Smoke tough to breathe |

Smoke tough to breathe

Gregory Crofton, Tahoe Daily Tribune

Smoke from the Gondola Fire crept down from a charred mountainside and laid a blanket across Lake Tahoe Friday morning.

It made air at South Shore smell and taste like a nasty campfire.

“We spent both days down by the water to get away from the smoke,” said Cindy Sellers, of Folsom, Calif. “This morning you could really smell it. I thought, ‘Oh my gosh, I can’t breathe.'”

Even though the smoldering fire is contained, the smoke it produces could be factor for people at South Shore for days to come.

“It will have a lot to do with the wind conditions and the amount of work the firefighters are able to get done,” said Dick Mirgon, director at Douglas County Emergency Management. “My only advice to those susceptible to smoke and allergies is for them to reduce their outside activities and stay indoors the next couple of days.”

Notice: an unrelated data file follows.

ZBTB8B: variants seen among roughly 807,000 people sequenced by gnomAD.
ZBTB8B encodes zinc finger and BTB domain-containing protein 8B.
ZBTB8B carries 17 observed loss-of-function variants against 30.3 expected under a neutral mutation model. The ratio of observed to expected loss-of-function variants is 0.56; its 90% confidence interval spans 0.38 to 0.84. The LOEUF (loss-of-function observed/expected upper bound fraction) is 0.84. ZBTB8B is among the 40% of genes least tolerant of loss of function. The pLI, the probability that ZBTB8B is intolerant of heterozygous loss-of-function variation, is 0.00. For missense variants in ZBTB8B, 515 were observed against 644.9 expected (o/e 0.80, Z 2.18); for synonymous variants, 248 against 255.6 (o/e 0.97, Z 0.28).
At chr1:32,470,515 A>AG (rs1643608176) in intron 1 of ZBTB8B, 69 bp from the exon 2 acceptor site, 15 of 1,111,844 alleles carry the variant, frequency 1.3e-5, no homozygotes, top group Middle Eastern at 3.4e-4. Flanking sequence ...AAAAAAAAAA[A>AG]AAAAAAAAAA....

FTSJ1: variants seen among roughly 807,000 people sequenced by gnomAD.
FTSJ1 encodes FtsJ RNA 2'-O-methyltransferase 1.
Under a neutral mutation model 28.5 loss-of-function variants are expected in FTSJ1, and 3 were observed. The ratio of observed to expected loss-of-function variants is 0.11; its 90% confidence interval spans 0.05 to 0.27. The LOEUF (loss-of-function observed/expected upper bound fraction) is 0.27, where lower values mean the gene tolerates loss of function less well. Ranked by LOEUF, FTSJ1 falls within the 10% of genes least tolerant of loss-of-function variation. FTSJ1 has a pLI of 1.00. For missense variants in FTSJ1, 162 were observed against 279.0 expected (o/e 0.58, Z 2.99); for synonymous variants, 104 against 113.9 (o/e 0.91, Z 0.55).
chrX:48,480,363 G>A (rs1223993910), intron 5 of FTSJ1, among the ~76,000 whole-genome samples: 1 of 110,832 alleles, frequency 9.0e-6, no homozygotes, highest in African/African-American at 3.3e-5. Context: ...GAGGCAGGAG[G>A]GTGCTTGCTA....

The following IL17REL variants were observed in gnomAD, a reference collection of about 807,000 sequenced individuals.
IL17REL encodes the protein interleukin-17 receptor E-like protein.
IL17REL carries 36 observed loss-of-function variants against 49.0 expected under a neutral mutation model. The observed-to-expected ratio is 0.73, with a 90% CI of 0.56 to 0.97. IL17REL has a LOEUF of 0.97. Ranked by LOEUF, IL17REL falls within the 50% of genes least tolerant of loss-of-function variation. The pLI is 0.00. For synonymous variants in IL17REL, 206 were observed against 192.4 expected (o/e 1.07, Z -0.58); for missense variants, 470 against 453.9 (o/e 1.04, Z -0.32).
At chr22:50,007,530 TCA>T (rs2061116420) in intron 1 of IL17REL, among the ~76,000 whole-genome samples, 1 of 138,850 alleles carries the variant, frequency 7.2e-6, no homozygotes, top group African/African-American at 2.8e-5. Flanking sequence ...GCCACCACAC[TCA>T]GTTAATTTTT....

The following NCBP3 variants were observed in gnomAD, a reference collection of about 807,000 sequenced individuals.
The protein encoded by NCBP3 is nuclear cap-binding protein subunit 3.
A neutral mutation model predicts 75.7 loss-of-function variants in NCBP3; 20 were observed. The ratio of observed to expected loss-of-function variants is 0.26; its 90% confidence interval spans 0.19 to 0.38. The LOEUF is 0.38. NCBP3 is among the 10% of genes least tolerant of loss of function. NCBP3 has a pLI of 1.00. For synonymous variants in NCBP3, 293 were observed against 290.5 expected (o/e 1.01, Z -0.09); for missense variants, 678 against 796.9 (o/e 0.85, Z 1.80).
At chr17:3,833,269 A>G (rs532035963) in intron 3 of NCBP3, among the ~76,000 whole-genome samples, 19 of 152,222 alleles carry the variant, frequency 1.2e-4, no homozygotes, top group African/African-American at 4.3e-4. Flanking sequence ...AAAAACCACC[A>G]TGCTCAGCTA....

The smoke is expected to have an impact on Lake Tahoe because it contains phosphorous, said Larry Benoit, water quality expert at the Tahoe Regional Planning Agency.

“There’s more phosphorous in wood smoke and that could impact algae growth pretty directly,” Benoit said.

The TRPA planned to take water samples from the lake on Friday to determine any impacts caused by the fireworks. But now the samples will also be tested to figure out how much impact the fire is having on the lake, said Jill Keller, TRPA spokeswoman.

“We should have some information soon and we’ll weigh it against statistics from years before,” Keller said.

The agency will also gather information from an air monitoring station set up at Zephyr Cove.

Visitors and residents on Friday were out doing their own monitoring atop Kingsbury Grade on Tramway Drive. People eyed the brown, smoking land as helicopters continued to drop lake water on hot spots.

“We haven’t been outside too much,” said Tim Sellers of Folsom. “It looked like it cleared up enough so we came to check out the view. I just hope it doesn’t flare up.”

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